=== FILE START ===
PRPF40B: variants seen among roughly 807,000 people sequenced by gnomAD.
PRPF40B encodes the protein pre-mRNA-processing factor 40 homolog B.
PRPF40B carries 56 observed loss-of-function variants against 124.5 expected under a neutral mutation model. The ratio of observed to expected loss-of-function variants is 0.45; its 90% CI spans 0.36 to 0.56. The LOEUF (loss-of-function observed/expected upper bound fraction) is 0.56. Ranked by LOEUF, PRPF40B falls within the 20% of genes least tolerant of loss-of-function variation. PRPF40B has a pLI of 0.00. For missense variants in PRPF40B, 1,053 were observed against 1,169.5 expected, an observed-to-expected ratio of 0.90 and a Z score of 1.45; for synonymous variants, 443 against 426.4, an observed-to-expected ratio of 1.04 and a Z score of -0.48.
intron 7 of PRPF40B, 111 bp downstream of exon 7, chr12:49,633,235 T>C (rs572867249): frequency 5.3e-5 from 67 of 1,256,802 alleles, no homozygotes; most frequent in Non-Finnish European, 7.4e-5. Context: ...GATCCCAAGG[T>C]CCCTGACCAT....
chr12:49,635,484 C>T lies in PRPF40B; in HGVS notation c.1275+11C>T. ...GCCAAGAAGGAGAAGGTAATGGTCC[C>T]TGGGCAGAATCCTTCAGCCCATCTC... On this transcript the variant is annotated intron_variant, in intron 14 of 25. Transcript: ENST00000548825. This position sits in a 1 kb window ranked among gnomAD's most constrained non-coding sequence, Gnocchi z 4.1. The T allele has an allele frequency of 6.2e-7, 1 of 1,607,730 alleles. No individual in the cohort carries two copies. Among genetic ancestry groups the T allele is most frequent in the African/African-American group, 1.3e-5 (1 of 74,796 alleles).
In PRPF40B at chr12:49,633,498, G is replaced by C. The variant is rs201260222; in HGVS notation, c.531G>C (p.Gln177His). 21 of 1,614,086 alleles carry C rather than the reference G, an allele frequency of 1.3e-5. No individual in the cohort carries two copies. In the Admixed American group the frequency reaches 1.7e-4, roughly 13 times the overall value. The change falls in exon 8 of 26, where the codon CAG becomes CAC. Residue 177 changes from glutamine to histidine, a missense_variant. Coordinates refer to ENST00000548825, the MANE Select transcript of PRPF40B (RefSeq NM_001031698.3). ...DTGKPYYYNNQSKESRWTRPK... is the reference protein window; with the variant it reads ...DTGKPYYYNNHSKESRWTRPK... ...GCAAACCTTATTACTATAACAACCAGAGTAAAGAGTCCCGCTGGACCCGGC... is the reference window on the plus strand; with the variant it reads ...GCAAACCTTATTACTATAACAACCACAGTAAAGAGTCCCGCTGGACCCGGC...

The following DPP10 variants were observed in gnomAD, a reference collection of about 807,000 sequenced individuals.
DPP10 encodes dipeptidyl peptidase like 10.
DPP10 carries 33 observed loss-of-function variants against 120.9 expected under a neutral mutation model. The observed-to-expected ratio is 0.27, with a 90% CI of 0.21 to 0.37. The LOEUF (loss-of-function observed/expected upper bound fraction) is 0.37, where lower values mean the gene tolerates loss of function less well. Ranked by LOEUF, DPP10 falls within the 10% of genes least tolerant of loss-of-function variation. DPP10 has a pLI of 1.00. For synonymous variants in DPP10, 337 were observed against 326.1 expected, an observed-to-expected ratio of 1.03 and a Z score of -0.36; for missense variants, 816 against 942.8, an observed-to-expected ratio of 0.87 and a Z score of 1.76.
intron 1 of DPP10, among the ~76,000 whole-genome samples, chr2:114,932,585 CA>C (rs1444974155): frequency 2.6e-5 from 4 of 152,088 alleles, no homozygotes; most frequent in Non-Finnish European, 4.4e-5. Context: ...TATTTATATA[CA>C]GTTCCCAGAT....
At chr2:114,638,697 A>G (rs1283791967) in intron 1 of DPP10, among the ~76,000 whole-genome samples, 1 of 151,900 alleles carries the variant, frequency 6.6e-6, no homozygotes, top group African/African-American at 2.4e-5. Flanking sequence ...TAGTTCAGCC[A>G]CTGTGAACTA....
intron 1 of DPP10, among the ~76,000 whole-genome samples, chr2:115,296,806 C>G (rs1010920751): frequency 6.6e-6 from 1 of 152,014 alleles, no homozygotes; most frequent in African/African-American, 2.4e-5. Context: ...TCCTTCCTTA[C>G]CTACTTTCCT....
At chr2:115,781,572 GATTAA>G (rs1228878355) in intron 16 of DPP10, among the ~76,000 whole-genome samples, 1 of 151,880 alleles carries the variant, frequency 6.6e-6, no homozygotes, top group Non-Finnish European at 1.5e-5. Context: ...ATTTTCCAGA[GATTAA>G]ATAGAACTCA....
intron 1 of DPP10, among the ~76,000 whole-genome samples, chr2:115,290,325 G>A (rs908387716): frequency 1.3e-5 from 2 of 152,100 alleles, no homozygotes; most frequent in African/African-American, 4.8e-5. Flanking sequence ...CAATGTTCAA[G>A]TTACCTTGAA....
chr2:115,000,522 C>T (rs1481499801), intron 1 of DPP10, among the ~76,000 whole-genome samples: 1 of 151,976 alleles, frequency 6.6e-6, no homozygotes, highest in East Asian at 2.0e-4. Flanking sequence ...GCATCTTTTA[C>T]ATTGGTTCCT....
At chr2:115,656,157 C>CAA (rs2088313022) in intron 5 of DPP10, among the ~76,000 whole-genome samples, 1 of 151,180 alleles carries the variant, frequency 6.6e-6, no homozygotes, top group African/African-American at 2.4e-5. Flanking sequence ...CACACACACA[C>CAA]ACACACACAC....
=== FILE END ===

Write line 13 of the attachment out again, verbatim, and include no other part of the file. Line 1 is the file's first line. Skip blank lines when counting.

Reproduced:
At chr2:115,781,572 GATTAA>G (rs1228878355) in intron 16 of DPP10, among the ~76,000 whole-genome samples, 1 of 151,880 alleles carries the variant, frequency 6.6e-6, no homozygotes, top group Non-Finnish European at 1.5e-5. Context: ...ATTTTCCAGA[GATTAA>G]ATAGAACTCA....